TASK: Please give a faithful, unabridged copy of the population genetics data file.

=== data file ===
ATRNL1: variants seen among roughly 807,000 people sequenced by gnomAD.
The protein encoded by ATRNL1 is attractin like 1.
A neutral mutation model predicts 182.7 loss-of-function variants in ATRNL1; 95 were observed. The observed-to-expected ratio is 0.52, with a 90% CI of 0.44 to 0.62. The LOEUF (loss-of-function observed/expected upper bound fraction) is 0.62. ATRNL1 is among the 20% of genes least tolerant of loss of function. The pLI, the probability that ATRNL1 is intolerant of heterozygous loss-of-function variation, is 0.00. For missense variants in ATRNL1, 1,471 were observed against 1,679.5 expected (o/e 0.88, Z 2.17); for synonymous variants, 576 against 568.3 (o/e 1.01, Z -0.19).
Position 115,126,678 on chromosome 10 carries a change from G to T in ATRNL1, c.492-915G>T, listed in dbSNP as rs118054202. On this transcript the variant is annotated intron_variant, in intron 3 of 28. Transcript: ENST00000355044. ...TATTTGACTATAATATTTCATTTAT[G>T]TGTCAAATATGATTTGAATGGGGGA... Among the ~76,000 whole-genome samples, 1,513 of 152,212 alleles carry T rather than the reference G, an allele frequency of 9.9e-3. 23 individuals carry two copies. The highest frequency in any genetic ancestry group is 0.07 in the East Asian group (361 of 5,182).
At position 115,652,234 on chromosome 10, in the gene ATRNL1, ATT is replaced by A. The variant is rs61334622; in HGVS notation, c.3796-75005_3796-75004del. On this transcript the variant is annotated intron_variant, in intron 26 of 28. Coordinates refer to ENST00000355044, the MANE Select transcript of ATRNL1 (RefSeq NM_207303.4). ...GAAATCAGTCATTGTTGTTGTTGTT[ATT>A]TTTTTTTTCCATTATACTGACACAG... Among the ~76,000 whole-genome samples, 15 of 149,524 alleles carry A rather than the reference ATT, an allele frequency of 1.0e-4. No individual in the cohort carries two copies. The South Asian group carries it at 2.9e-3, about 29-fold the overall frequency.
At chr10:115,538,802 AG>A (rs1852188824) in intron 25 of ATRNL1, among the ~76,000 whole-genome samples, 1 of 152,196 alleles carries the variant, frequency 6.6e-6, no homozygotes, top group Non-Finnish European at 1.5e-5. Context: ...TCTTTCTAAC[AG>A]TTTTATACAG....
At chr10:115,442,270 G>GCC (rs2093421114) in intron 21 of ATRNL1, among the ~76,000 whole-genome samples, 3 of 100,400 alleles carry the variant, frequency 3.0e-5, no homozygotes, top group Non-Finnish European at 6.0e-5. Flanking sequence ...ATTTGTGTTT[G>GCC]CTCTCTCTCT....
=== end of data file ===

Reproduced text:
ATRNL1: variants seen among roughly 807,000 people sequenced by gnomAD.
The protein encoded by ATRNL1 is attractin like 1.
A neutral mutation model predicts 182.7 loss-of-function variants in ATRNL1; 95 were observed. The observed-to-expected ratio is 0.52, with a 90% CI of 0.44 to 0.62. The LOEUF (loss-of-function observed/expected upper bound fraction) is 0.62. ATRNL1 is among the 20% of genes least tolerant of loss of function. The pLI, the probability that ATRNL1 is intolerant of heterozygous loss-of-function variation, is 0.00. For missense variants in ATRNL1, 1,471 were observed against 1,679.5 expected (o/e 0.88, Z 2.17); for synonymous variants, 576 against 568.3 (o/e 1.01, Z -0.19).
Position 115,126,678 on chromosome 10 carries a change from G to T in ATRNL1, c.492-915G>T, listed in dbSNP as rs118054202. On this transcript the variant is annotated intron_variant, in intron 3 of 28. Transcript: ENST00000355044. ...TATTTGACTATAATATTTCATTTAT[G>T]TGTCAAATATGATTTGAATGGGGGA... Among the ~76,000 whole-genome samples, 1,513 of 152,212 alleles carry T rather than the reference G, an allele frequency of 9.9e-3. 23 individuals carry two copies. The highest frequency in any genetic ancestry group is 0.07 in the East Asian group (361 of 5,182).
At position 115,652,234 on chromosome 10, in the gene ATRNL1, ATT is replaced by A. The variant is rs61334622; in HGVS notation, c.3796-75005_3796-75004del. On this transcript the variant is annotated intron_variant, in intron 26 of 28. Coordinates refer to ENST00000355044, the MANE Select transcript of ATRNL1 (RefSeq NM_207303.4). ...GAAATCAGTCATTGTTGTTGTTGTT[ATT>A]TTTTTTTTCCATTATACTGACACAG... Among the ~76,000 whole-genome samples, 15 of 149,524 alleles carry A rather than the reference ATT, an allele frequency of 1.0e-4. No individual in the cohort carries two copies. The South Asian group carries it at 2.9e-3, about 29-fold the overall frequency.
At chr10:115,538,802 AG>A (rs1852188824) in intron 25 of ATRNL1, among the ~76,000 whole-genome samples, 1 of 152,196 alleles carries the variant, frequency 6.6e-6, no homozygotes, top group Non-Finnish European at 1.5e-5. Context: ...TCTTTCTAAC[AG>A]TTTTATACAG....
At chr10:115,442,270 G>GCC (rs2093421114) in intron 21 of ATRNL1, among the ~76,000 whole-genome samples, 3 of 100,400 alleles carry the variant, frequency 3.0e-5, no homozygotes, top group Non-Finnish European at 6.0e-5. Flanking sequence ...ATTTGTGTTT[G>GCC]CTCTCTCTCT....